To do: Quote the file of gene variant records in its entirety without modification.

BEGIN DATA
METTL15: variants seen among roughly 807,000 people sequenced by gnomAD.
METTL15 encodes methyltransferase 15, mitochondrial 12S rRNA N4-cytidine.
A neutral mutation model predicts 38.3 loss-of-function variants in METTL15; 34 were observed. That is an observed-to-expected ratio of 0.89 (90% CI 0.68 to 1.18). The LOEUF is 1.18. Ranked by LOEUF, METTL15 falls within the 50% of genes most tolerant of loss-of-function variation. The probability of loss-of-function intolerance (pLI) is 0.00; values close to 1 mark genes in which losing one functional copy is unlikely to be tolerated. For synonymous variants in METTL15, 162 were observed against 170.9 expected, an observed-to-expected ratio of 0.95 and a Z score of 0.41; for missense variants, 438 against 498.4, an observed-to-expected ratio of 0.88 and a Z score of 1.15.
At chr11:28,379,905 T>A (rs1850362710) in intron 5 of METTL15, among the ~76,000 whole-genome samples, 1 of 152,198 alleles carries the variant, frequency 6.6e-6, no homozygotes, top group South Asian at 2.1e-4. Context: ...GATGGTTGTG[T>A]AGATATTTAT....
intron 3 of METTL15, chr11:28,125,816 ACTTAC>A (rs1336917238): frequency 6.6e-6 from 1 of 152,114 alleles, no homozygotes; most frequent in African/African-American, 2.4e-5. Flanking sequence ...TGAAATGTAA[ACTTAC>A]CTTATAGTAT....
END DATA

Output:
METTL15: variants seen among roughly 807,000 people sequenced by gnomAD.
METTL15 encodes methyltransferase 15, mitochondrial 12S rRNA N4-cytidine.
A neutral mutation model predicts 38.3 loss-of-function variants in METTL15; 34 were observed. That is an observed-to-expected ratio of 0.89 (90% CI 0.68 to 1.18). The LOEUF is 1.18. Ranked by LOEUF, METTL15 falls within the 50% of genes most tolerant of loss-of-function variation. The probability of loss-of-function intolerance (pLI) is 0.00; values close to 1 mark genes in which losing one functional copy is unlikely to be tolerated. For synonymous variants in METTL15, 162 were observed against 170.9 expected, an observed-to-expected ratio of 0.95 and a Z score of 0.41; for missense variants, 438 against 498.4, an observed-to-expected ratio of 0.88 and a Z score of 1.15.
At chr11:28,379,905 T>A (rs1850362710) in intron 5 of METTL15, among the ~76,000 whole-genome samples, 1 of 152,198 alleles carries the variant, frequency 6.6e-6, no homozygotes, top group South Asian at 2.1e-4. Context: ...GATGGTTGTG[T>A]AGATATTTAT....
intron 3 of METTL15, chr11:28,125,816 ACTTAC>A (rs1336917238): frequency 6.6e-6 from 1 of 152,114 alleles, no homozygotes; most frequent in African/African-American, 2.4e-5. Flanking sequence ...TGAAATGTAA[ACTTAC>A]CTTATAGTAT....